The country was formerly held by a line of Vedar Rajas ruling the Vedars (wild hunters), and thus much is probably correct, for Wynad has been the last refuge and is still the home of many aboriginal tribes, Kurumbars, Kurichiyars, Panniyars, etc., driven up probably from the low country of Malabar.

In the times of the Vedar Rajas, a man of the Kshatriya caste called the “Cumbala Raja” (? Kumbla) came to Wynad from the north with a view to visit the Tirunelli shrine. He was taken prisoner and carried before the Vedar Raja, who insisted, before permitting him to depart, on his marrying one of the daughters of the kingly Vedar line.

Being a Kshatriya he would not consent to marry into the Vedar tribe, but as the Raja was inexorable he at last agreed on the condition that the ceremony should be carried out in accordance with Kshatriya customs. This was allowed and a delay occurred while marriage pandals and other preparations were being made. Taking advantage of this delay, the imprisoned Raja communicated with the Kshatriya Rajas of Kottayam and Kurumbranad in the low country, and these princes, with their forces, put in an appearance on the wedding day. The Vedar Raja was besieged in his fort ; the fort was taken, and the Vedar Raja and most of his people were slain.

The intended bride of the "Cumbala Raja” was given, it is said, in marriage to one of the Nambiar caste who was entrusted by the Kottayam and Kurumbranad Rajas with the government of the country.

The allied Rajas next consulted, it is said, how to divide the country so as to avoid disputes. To this end they set out in different directions and agreed to make the place where they should meet the boundary. This plan failed, as may well be conceived by any one who has even now-a-days tried to find his way through the elephant grass and tangled swamps with which Wynad abounds.

The Kottayam Raja then generously gave up all his claims to the country to the Kurumbranad Raja, stipulating only that if posterity failed the latter country should come to him and his posterity.

An ascetic with matted hair, who had been one of the attendants of the Cumbala Raja, settled down, it is said, in Wynad, and his daughter was afterwards married to a Kottayam Raja. It is not said what became of the other attendant who is described as a Sudra Vellalan. Subsequently the Kottayam and Kurumbranad families fell out, and by the time the British raj was established, the Kottayam family was supreme in the taluk.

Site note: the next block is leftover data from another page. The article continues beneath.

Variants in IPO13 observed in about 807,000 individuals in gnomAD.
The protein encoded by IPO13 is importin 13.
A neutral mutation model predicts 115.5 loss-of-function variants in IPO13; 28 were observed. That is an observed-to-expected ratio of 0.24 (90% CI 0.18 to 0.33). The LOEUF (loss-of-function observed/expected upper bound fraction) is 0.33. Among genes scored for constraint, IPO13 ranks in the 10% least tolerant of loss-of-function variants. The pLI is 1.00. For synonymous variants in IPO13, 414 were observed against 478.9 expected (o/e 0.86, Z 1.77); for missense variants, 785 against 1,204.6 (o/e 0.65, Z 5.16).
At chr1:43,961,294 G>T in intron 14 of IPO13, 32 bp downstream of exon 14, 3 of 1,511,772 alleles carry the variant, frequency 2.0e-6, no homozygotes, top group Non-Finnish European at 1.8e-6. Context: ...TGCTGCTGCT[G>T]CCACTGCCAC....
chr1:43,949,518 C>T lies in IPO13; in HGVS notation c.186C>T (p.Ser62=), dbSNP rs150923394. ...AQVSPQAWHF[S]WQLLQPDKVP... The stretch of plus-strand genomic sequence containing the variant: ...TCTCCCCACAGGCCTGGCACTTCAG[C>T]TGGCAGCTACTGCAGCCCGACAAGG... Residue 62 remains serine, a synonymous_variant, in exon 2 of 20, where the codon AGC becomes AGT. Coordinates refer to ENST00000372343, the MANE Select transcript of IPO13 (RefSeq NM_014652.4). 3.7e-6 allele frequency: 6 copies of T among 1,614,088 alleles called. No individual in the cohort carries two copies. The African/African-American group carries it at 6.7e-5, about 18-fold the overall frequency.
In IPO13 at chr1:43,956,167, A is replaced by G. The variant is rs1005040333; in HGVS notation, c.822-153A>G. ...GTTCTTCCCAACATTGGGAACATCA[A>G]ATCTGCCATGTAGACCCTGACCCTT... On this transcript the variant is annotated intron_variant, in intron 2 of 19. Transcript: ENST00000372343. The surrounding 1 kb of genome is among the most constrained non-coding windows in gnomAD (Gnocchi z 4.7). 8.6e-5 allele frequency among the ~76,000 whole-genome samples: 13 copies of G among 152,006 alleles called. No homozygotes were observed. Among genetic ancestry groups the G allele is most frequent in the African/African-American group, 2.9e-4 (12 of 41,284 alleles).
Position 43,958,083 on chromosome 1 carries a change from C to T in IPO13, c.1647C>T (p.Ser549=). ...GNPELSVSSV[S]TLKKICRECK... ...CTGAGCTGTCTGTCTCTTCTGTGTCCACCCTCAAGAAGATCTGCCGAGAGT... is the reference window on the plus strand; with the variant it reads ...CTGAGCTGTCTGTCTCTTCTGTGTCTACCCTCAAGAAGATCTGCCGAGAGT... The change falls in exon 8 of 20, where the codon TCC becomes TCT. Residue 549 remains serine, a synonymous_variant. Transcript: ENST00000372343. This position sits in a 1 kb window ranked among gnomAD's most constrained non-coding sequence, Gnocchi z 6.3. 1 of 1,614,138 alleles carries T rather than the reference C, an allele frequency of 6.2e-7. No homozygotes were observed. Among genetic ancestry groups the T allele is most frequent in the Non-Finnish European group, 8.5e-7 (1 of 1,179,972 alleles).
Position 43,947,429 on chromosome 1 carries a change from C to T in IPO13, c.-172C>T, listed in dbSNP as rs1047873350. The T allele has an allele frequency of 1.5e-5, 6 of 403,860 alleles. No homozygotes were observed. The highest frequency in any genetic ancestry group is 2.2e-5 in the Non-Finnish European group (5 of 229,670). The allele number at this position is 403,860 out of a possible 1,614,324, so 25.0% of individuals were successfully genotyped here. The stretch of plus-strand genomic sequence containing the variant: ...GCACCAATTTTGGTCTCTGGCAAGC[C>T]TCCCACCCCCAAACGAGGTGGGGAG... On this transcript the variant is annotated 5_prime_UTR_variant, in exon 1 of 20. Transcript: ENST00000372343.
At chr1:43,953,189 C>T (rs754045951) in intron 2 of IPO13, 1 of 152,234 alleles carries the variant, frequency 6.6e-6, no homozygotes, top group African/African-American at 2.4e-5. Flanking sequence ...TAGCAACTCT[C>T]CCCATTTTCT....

It is unnecessary to detail here the events of the Palassi (Pychy) Raja’s rebellion and death, as these have been treated fully in Volume I.

The attainder passed on him and his heirs in Wynad deserves, however, a few remarks.

On the 16th June 1805, Lieut.-Colonel MacLeod offered rewards for the apprehension of the Palassi (Pychy) Raja and eleven of his principal adherents, and “also made known that all the estates and property belonging to the described rebels is confiscated from this date”. The rebel leader and five of his followers were killed on the 30th November 1805.

The sentence of forfeiture pronounced on the 16th June 1805 has never been effectively carried out, though from time to time attempts have been made to ascertain the exact limits of the "Pychy escheats” with a view to the assertion of the rights of the State therein.

The consequence has been that many of the lands in Wynad—the janmam property of the Pychy rebels and therefore the property of the State by forfeiture—have been usurped by fictitious janmis, whose claims are now being investigated. The decisions arrived at in the various claims preferred and investigated will be carried out at the new revenue settlement of the tract about to be commenced.

Subdivisions of the Taluk for Administrative Purposes.—Wynad originally comprised eleven hoblis consisting of thirteen amsams, the latter being subsequently increased to 16 by the creation of Peria, Vayitiri and Cherankod amsams. The names of the hoblis and of the ancient and modem amsams are shown below : —

Pulpalli desam which formed part of the Kuppatod amsam was transferred to Puthadi amsam in 1884 under Board’s Proceedings, dated 9th Angust 1884, No. 2754.

The taluk was formerly under the Sub-Collector, Tellicherry, who was replaced by the Deputy Collector on the creation of that class of officers on the 12th August 1859. Its civil jurisdiction vested in the Deputy Tahsildar, Vayitiri, and the Deputy Collector, Manantoddy, until 1879, when a separate Munsif’s Court was established at Vayitiri for the entire tract (vide notification in the Fort St. George Gazette, dated 28th January 1879, page 112).

The seven amsams of North Wynad forming the Tahsildar-Magistrate’s jurisdiction are subordinate to the District and Sessions Court, Tellicherry, for judicial purposes ; whilst those of the South Wynad forming the Deputy Tahsildar’s charge are subordinate to the District and Sessions Court, Calicut (vide notifications in the Fort St. George Gazette, dated 2nd January 1863, 3rd March, and 15th October 1886).

Until recently, the District Munsif, Vayitiri, was subordinate only to the District Court, Calicut, but in the Govemment notifications, dated 3rd March and 15th October 1886, already quoted, he was placed in subordination to both the North Malabar and South Malabar District Courts. The District Munsif is generally invested with first-class magisterial powers with a view to presiding at the Bench of Honorary Magistrates for South Wynad.

The following are the principal public offices :—

(1) The Deputy Collector and Magistrate located at Manantoddy.

(2) The Tahsildar and Sub-Magistrate located at Manantoddy.

(3) The Police Inspector located at Manantoddy.

(4) The Deputy Tahsildar and Sub-Magistrate located at Vayitiri.

(6) The Police Inspector located at Vayitiri.

(6) The District Munsif located at Vayitiri.

(7) The Sub-Registrar, Manantoddy, under the District Registrar. Tellicherry.